Before the Kansas Jayhawks were a basketball team, they were a faction of ruffians who helped give the state its bloody reputation during the Civil War.
A series of events planned for the upcoming 14th annual Civil War on the Western Frontier aims to commemorate the role they played in American history.
“I think people probably, by and large, don't realize how nationally important what went on here in Kansas was before the Civil War and how big of a role we played in it,” said Maria Butler, community relations coordinator for the Lawrence Public Library.
Butler helped organize several of the Civil War events that will take place from Aug. 8-22 in Lawrence, Lecompton and the surrounding region. Events will include dramatic performances, lectures, living history reenactments and other activities designed to create an understanding and appreciation for the region’s history.
Kansas, and Lawrence in particular, were important players in events leading up to the Civil War.
“The Civil War started in Kansas and not many people know that,” said Kerry Altenbernd of the Black Jack Battlefield Trust. “Douglas County is the site of the true first battle of the Civil War, even though it took place five years before the official start. That makes this area very important.”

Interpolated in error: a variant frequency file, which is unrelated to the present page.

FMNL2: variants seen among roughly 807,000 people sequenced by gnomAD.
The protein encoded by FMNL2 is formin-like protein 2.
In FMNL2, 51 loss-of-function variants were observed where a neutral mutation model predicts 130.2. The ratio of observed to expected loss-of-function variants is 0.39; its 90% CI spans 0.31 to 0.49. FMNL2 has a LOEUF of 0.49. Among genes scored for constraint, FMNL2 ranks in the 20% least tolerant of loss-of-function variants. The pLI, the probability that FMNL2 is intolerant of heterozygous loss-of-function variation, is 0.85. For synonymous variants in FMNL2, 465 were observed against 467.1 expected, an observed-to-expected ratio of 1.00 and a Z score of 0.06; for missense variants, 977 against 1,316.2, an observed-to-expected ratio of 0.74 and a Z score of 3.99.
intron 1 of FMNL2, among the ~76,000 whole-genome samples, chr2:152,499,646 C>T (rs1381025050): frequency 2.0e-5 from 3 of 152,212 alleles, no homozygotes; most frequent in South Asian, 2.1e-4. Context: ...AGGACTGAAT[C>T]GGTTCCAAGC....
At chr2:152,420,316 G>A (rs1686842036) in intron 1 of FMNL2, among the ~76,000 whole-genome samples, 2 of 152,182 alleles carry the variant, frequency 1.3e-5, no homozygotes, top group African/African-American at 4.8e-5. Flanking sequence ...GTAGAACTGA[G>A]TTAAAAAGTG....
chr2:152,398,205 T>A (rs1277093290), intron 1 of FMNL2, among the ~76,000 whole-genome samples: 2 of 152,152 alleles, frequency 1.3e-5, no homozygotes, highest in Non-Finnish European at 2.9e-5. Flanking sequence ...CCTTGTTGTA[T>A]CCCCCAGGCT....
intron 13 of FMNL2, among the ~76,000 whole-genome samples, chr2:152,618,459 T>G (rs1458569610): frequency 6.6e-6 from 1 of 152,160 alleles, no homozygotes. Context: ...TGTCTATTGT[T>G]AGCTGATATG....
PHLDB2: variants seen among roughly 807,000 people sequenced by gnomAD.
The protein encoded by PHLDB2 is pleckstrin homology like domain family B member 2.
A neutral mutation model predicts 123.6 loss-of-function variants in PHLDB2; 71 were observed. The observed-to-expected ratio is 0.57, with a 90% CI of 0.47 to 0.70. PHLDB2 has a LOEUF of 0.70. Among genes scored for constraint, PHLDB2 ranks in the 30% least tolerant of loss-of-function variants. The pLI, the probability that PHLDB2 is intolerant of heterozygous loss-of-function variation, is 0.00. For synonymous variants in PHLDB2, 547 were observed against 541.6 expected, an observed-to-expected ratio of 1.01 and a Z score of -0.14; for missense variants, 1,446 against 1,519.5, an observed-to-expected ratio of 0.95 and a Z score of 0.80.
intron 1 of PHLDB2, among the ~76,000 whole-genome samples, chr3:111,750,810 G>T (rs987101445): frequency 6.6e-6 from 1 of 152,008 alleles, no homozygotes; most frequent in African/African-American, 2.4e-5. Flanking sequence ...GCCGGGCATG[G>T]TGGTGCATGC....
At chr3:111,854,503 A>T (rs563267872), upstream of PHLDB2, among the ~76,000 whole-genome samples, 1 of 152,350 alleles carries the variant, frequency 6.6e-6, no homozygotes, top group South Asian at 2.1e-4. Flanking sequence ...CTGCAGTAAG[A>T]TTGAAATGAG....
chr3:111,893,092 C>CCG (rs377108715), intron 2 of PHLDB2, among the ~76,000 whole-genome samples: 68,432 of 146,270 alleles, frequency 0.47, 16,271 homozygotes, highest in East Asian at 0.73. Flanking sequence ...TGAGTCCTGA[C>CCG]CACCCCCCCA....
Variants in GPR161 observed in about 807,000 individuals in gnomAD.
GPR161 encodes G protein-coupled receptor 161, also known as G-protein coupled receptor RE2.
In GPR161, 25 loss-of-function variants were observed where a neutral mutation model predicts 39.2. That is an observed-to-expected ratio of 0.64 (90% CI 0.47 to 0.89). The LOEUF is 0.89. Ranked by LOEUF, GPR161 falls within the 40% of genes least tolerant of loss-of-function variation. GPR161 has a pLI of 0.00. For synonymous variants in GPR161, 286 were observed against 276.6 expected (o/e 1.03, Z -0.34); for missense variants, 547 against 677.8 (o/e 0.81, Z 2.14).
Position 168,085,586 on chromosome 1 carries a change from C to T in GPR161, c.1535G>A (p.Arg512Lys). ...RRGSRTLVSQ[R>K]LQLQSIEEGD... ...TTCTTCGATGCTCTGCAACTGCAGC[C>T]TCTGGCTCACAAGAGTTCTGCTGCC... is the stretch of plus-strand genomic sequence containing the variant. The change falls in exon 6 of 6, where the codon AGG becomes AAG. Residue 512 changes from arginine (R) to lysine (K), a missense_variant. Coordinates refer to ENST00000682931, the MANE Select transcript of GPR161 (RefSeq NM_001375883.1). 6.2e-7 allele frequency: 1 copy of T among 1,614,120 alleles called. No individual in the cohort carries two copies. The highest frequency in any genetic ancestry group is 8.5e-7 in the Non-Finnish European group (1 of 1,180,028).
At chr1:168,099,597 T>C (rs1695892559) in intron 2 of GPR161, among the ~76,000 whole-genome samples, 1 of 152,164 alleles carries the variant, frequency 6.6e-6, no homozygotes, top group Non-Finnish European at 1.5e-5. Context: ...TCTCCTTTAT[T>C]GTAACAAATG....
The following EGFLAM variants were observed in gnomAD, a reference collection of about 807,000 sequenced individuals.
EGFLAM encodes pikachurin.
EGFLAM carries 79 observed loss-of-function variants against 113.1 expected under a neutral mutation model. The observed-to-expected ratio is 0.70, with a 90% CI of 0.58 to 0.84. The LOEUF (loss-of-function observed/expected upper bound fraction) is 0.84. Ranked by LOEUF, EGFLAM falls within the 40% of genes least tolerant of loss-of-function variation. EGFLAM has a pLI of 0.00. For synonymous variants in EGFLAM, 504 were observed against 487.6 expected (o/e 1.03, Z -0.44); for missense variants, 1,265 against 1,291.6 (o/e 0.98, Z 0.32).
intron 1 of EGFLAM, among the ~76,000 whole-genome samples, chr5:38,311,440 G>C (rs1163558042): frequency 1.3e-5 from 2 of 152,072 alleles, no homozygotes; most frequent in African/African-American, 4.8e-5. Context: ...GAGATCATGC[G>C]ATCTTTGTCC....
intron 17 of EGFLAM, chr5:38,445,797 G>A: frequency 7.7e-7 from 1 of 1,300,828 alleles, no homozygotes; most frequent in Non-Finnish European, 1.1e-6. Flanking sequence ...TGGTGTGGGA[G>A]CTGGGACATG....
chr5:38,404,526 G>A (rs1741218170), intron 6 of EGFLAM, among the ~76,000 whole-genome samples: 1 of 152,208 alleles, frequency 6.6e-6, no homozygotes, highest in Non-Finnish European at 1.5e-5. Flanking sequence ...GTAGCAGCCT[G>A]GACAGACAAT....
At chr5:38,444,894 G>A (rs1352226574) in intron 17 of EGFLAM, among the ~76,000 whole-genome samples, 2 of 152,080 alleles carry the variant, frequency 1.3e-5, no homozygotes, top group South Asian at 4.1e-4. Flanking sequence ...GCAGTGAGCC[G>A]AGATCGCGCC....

Altenbernd will portray John Brown as he gives a tour of Black Jack Battlefield in southeast Douglas County, a place many consider the first battle of the Civil War to have begun. The battlefield is about two miles east of Baldwin City, just south of U.S. Highway 54 on Douglas County East 2000 Road.
“It's never going to stop being a learning experience,” Altenbernd said of his role as John Brown. “Every time I read a different book I get a different perspective.”
Altenbernd, who also will perform at Watkins Museum, 1047 Mass., said the goal of all the events was to share knowledge with community members and to bring Kansas history alive.
“I think it’s important that Kansans themselves understand what their history is like,” Altenbernd said. “If you don’t understand your past or who you are, how can you go into the future?”
Another event, organized by Lawrence Parks and Recreation, aims to get children involved in history by helping them to build life-size, livable mud forts by the Kansas River.
Jo Ellis, recreation instruction supervisor for Lawrence Parks and Recreation said children and their parents would learn about how early settlers constructed housing.
“They go down by the river and actually build two (mud houses) themselves,” Ellis said. “They dig it out and use water from the river. The parents get in there too, helping and digging.”